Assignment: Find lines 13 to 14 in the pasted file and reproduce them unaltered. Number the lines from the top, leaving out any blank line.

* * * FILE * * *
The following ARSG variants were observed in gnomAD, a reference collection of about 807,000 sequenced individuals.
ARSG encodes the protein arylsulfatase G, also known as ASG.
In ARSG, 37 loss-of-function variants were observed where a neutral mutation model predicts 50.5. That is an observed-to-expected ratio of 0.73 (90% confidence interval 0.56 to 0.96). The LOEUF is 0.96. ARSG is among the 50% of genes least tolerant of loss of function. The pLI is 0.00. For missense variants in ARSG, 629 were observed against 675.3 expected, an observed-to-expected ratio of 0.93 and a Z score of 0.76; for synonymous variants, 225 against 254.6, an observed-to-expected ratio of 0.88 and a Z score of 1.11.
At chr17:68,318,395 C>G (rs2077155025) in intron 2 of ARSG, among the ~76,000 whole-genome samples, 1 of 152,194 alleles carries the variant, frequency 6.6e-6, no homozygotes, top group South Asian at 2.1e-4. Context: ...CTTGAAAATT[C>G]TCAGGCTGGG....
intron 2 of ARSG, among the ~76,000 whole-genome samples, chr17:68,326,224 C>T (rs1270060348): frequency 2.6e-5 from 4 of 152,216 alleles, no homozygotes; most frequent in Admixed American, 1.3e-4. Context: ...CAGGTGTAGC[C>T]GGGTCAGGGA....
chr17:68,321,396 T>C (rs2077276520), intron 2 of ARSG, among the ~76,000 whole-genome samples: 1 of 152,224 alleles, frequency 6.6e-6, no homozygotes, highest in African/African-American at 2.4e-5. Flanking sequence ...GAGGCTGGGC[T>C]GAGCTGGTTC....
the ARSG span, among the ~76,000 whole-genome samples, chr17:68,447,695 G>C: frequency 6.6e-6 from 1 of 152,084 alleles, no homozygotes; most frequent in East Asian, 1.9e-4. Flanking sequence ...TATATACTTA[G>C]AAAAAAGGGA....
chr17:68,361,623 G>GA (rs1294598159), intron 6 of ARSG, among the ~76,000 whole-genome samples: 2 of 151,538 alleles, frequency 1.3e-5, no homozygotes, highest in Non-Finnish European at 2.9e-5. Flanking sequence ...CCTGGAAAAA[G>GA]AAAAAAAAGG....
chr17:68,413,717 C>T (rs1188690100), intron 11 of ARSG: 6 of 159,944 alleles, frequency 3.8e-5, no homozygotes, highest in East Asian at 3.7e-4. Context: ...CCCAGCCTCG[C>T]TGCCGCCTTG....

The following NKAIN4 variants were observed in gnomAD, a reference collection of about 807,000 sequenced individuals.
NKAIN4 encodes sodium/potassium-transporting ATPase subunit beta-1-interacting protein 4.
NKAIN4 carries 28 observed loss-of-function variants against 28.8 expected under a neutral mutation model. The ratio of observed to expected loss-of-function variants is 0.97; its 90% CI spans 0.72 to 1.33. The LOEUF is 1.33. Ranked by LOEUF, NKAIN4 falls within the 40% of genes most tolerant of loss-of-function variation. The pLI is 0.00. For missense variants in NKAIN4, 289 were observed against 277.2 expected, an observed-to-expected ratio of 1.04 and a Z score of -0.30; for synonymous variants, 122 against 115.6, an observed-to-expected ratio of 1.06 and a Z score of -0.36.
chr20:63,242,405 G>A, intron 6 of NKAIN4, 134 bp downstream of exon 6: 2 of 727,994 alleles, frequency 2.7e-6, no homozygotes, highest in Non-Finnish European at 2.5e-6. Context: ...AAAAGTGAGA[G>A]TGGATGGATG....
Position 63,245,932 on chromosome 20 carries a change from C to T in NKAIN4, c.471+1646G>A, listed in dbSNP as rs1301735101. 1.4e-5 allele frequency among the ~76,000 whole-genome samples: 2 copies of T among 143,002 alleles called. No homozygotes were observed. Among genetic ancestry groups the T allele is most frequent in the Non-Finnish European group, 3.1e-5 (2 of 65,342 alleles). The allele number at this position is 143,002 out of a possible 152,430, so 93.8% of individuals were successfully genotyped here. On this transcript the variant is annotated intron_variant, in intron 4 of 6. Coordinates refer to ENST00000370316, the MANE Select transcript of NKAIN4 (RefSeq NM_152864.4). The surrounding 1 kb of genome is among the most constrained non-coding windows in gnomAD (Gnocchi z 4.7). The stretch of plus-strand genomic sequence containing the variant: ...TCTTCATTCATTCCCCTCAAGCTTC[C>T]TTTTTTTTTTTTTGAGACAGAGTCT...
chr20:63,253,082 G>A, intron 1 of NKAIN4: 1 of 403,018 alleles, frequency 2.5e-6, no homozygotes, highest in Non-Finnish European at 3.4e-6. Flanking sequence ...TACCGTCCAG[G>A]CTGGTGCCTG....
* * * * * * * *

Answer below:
chr20:63,242,405 G>A, intron 6 of NKAIN4, 134 bp downstream of exon 6: 2 of 727,994 alleles, frequency 2.7e-6, no homozygotes, highest in Non-Finnish European at 2.5e-6. Context: ...AAAAGTGAGA[G>A]TGGATGGATG....
Position 63,245,932 on chromosome 20 carries a change from C to T in NKAIN4, c.471+1646G>A, listed in dbSNP as rs1301735101. 1.4e-5 allele frequency among the ~76,000 whole-genome samples: 2 copies of T among 143,002 alleles called. No homozygotes were observed. Among genetic ancestry groups the T allele is most frequent in the Non-Finnish European group, 3.1e-5 (2 of 65,342 alleles). The allele number at this position is 143,002 out of a possible 152,430, so 93.8% of individuals were successfully genotyped here. On this transcript the variant is annotated intron_variant, in intron 4 of 6. Coordinates refer to ENST00000370316, the MANE Select transcript of NKAIN4 (RefSeq NM_152864.4). The surrounding 1 kb of genome is among the most constrained non-coding windows in gnomAD (Gnocchi z 4.7). The stretch of plus-strand genomic sequence containing the variant: ...TCTTCATTCATTCCCCTCAAGCTTC[C>T]TTTTTTTTTTTTTGAGACAGAGTCT...